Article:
In April the Senate voted to pump $11 billion into the insolvent Postal Service to keep it afloat for a little while longer.
When the Senate voted overwhelmingly, 62-37, to continue funding the virtually insolvent U.S. Postal Service in April, it made clear its determination not to let reality enter into its deliberations.
Senator Joe Lieberman (I-Conn.) put it perfectly:
The Postal Service is an iconic American institution that still delivers 500 million pieces of mail a day and sustains 8 million jobs.This legislation will change the USPS so it can stay alive throughout the 21st century.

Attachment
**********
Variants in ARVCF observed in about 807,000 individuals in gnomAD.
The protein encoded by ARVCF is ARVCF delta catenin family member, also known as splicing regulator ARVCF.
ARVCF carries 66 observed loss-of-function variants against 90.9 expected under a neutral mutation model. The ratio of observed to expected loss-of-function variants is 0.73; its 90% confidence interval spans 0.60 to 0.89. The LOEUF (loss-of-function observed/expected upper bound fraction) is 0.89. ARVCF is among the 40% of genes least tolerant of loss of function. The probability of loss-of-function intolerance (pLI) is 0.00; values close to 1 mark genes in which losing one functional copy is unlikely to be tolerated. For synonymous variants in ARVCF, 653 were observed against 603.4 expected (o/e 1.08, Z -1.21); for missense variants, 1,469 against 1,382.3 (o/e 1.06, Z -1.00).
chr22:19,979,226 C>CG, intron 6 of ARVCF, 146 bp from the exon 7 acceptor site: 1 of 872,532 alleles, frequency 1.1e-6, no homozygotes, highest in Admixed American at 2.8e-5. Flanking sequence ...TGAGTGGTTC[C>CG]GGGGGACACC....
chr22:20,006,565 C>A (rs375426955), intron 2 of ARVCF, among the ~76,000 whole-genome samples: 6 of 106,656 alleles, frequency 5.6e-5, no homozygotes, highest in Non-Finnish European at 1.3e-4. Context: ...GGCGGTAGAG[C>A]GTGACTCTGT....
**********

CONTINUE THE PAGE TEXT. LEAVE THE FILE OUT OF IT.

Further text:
There are so many errors of fact in that statement reflecting such a lack of understanding of the reality in today’s Postal Service that Lieberman should be ashamed of himself. The Postal Service used to deliver vastly more mail than it does today and is expected to deliver much less in the future. The Internet and email and social networking has decimated and largely eliminated vast swaths of what once was the service’s function: delivering the mail. Lieberman failed to mention that by “sustaining” (the liberal’s favorite term du jour) 8 million jobs it is reducing the private workforce by at least that many as funds are extracted from the private sector to keep the postal service alive. As for changing the USPS so it can stay alive “throughout the 21st century,” the insertion of some $11 billion allowed by the Senate might keep it going for three years before it runs out of money again.
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